Raleigh, N.C. — A proposal to allow the city of Charlotte to redirect local tax revenues to help upgrade Bank of America Stadium cruised through the House Wednesday with little debate.
Carolina Panthers owner Jerry Richardson and city officials had initially asked the state to contribute $62.5 million – one-quarter of the estimated $250 million bill to improve the 17-year-old stadium. House and Senate leaders balked at the request.
City leaders subsequently asked legislators for a 1 percent increase in their food and beverage tax to generate additional revenue. Lawmakers turned down that request, too.
The final version of House Bill 193 allows city leaders to redirect revenues from Charlotte's existing occupancy and food and beverage taxes, earmarked for the city's Convention Center, to the stadium improvements instead.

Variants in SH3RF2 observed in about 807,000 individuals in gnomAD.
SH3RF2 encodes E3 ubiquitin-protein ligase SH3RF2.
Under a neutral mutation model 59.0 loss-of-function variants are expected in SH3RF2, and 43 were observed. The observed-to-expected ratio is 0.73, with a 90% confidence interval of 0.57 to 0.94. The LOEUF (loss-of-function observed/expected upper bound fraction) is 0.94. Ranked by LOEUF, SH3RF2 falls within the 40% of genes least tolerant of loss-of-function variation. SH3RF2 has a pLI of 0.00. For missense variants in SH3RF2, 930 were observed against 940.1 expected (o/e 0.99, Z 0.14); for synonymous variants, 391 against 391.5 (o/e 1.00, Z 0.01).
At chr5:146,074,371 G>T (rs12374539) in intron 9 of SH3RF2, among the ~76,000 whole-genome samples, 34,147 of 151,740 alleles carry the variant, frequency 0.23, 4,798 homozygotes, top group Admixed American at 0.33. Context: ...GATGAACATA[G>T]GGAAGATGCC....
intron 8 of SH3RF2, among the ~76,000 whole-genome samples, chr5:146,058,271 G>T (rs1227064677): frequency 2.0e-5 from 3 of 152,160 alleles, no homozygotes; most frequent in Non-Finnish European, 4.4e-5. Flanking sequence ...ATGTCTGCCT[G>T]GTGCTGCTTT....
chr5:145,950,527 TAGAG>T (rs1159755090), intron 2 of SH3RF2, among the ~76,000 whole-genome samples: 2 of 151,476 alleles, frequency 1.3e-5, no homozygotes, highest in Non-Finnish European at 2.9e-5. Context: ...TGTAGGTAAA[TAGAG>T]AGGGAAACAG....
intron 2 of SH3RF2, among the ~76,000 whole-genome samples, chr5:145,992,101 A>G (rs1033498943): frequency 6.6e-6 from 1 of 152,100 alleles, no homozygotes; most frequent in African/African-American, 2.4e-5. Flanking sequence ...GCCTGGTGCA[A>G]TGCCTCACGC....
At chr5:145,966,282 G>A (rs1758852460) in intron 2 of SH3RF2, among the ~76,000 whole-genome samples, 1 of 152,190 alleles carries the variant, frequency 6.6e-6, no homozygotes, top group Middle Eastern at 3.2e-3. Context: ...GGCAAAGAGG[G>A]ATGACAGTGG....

The bill would also allow Charlotte to use some of the revenue for amateur sports.
"There are no new taxes on this bill. There is no new revenue, state or local," said sponsor Rep. Ruth Samuelson, R-Mecklenburg. “There are just two new options for the Charlotte City Council to consider for using the revenue they already have.”
The proposal passed by a wide margin on a voice vote, but it had opponents on both sides of the aisle.
Rep. Paul Luebke, D-Durham, spoke against it.
"I think this is corporate welfare. This is welfare for the Carolina Panthers at a time when we cannot afford, as a General Assembly, to be doing this sort of thing," Luebke said. "There’s just a supplanting of money that would go to the convention center."
Proponents say the bill is needed to keep the Panthers in Charlotte in the long term. Richardson has said he won't move the team elsewhere, but he says the city needs to make itself attractive to potential buyers who might feel otherwise.
The measure now goes to the Senate.